Benefits of Canadian Citizenship
Here we will tell you how to check eligibility for Canadian Citizenship.
Over 85% of Canadian immigrants become citizens, one of the highest rates
in the world.
The benefits of Canadian citizenship include the opportunity to live
permanently in one of the most peaceful, economically, socially and
politically stable societies in the world, enjoy one of the most powerful
passports in the world, and have the right to vote, among many other
● So it's no surprise that hundreds of thousands of permanent residents
apply for Canadian citizenship every year.
● You must be a permanent resident to apply for Canadian citizenship.
Your Permanent Residence (PR) card does not have to be valid at the
time of your application, you can also apply with an expired PR card.
Permanent resident status means you are not subject to immigration
controls or fraud, removal orders or conditions related to your
permanent resident status are not met.
To obtain Canadian citizenship, you must meet several conditions:
Requirements for becoming a Canadian citizen
● Become a permanent resident.
● Lived in Canada for 3 of the past 5 years.
● Let him file taxes if necessary..
● Pass a test on your rights, responsibilities and knowledge in
● Test your language skills
1. Permanent resident status
You must be a permanent resident to apply for Canadian
citizenship. Your Permanent Residence (PR) card does not have to
be valid at the time of your application, you can also apply with an
expired PR card. Permanent resident status means you are not
subject to immigration controls or fraud, removal orders or
conditions related to your permanent resident status are not met.
2. Canada’s physical presence requirements
Before applying for Canadian citizenship, you must have lived in Canada
for at least three years (1095 days) in the past five years. Children under
the age of 18 must also have permanent resident status, but do not have
to meet the three-year requirement.
Immigration, Refugees and Citizenship Canada (IRCC) recommends that
you apply when you are in Canada for more than 1095 days.
If you lived in Canada as a temporary resident or protected
person before becoming a permanent resident, you can count
some of that time toward your physical residency requirement.
Every day spent in Canada as a temporary resident or
protected person during the past five years can be counted as a
You can use up to 365 days as a temporary resident or
protected person to satisfy your physical presence
3. File your taxes (if necessary)
If it applies to you, you may have to file your taxes in Canada for at least
three years out of the five years prior to filing your Canadian citizenship
application. Even if you have only lived in Canada for part of a year, you may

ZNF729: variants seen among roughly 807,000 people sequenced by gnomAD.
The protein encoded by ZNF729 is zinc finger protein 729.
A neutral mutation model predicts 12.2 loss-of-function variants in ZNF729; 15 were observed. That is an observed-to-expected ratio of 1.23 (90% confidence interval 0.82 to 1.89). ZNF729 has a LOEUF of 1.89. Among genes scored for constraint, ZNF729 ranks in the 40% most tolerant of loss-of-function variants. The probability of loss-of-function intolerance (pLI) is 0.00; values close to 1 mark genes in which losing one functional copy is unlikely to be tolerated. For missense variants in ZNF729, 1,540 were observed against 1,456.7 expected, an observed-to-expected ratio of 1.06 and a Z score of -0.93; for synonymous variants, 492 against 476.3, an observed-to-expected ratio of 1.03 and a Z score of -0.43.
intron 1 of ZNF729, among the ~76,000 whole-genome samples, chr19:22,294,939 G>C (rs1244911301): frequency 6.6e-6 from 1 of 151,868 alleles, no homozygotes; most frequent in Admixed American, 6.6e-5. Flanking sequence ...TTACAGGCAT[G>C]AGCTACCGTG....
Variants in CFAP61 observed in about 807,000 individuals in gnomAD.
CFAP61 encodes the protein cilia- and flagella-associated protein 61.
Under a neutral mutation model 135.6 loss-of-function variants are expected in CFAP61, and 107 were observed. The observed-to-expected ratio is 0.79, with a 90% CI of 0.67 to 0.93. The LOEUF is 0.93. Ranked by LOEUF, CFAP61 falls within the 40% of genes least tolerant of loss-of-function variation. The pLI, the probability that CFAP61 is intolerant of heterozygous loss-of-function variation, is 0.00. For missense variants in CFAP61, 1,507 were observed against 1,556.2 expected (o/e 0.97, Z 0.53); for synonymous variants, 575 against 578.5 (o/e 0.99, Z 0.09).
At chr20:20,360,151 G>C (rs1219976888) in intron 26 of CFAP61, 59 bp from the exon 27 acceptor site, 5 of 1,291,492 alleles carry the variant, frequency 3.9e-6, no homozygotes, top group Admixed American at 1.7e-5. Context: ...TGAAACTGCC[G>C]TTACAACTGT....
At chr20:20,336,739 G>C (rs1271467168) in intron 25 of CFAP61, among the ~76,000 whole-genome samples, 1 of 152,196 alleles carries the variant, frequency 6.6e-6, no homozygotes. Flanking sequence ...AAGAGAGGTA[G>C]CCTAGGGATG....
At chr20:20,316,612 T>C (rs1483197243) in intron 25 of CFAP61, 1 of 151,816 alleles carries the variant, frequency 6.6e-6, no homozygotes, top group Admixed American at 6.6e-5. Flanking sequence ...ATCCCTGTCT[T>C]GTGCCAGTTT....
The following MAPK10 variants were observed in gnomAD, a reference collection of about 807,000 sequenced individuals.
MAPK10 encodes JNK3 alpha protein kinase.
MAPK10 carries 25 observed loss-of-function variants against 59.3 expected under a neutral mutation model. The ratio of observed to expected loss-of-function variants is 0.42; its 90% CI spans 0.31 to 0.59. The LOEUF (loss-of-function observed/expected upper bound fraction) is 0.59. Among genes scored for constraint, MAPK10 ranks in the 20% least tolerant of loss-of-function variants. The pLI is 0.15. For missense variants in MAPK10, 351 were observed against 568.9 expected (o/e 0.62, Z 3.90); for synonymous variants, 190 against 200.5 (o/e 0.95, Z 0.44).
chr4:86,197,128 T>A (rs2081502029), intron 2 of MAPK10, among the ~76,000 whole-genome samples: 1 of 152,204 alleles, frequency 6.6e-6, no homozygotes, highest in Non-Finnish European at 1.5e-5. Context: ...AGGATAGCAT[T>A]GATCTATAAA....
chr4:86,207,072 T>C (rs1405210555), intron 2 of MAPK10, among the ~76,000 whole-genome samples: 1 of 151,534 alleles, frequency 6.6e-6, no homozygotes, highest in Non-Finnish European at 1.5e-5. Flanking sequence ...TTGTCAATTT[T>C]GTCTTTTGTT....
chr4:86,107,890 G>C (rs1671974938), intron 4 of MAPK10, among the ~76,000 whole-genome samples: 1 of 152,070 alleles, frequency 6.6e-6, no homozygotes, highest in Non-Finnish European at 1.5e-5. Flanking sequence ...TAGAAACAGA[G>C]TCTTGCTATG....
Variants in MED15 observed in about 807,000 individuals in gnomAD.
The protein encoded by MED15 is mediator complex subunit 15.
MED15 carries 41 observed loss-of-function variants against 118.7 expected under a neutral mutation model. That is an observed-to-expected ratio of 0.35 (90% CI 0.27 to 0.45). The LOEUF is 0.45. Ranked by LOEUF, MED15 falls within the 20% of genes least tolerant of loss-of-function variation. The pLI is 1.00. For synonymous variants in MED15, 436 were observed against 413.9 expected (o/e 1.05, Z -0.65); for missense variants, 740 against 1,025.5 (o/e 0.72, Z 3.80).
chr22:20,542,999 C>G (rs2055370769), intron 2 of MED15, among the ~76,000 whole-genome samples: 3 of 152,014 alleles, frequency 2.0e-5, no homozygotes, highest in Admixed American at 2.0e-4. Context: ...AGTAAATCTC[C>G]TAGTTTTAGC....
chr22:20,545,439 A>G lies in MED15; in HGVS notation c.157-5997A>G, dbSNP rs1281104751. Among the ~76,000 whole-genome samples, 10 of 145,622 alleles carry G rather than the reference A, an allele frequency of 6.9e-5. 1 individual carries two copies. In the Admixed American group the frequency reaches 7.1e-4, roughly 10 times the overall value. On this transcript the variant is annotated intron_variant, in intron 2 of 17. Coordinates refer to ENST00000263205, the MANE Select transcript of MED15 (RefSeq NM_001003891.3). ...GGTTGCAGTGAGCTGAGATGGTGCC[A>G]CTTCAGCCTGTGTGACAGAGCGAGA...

need to file a tax return if:
●You must pay the tax for the year.
●you want to request a refund.
●Want to receive benefits and loan payments.
4. Pass a Canadian citizenship test
● If you were between the ages of 18 and 54 on the date you signed your
Canadian citizenship application, you must take the Canadian citizenship test.
The test is 30 minutes long and includes multiple choice and true/false
questions. You can take the test in English or French. The minimum score is 15
out of 20.
● The test asks questions about Canadians' rights and responsibilities, Canada's
history, geography, economy, government, laws and symbols.
5. Language skills
Individuals aged 18 to 54 must also demonstrate proficiency in English or
French at Level 4 or higher on the Canadian Language Benchmark (CLB). IRCC
assesses your language skills in various ways, such as:
● Check the evidence you have submitted to prove your language proficiency.
● IRCC can determine how well you communicated with citizenship officials
during the application process.
● If necessary, IRCC can assess your language skills during interviews with
Canadian citizenship will not be granted to applicants who:
● Do not meet the minimum required residency days in Canada;
● Cannot speak either English or French;
● Do not pass their citizenship test and/or interview; or
● Cannot provide the required proof of residency documentation.
There are also multiple legal and criminality issues that may make you
ineligible for Canadian citizenship.
If any of the following apply to you, you may not qualify for citizenship:
● You have had your citizenship taken away within the past five years;
● You have been convicted of a criminal offence in the past three years;
● You are in prison, on parole or on probation;
● You are under removal order from Canada;
● You are under investigation for, or have been convicted of a war crime or a
crime against humanity.
for more details, you may visit www.orisvisas.com
Or you can directly contact us at 011-45694642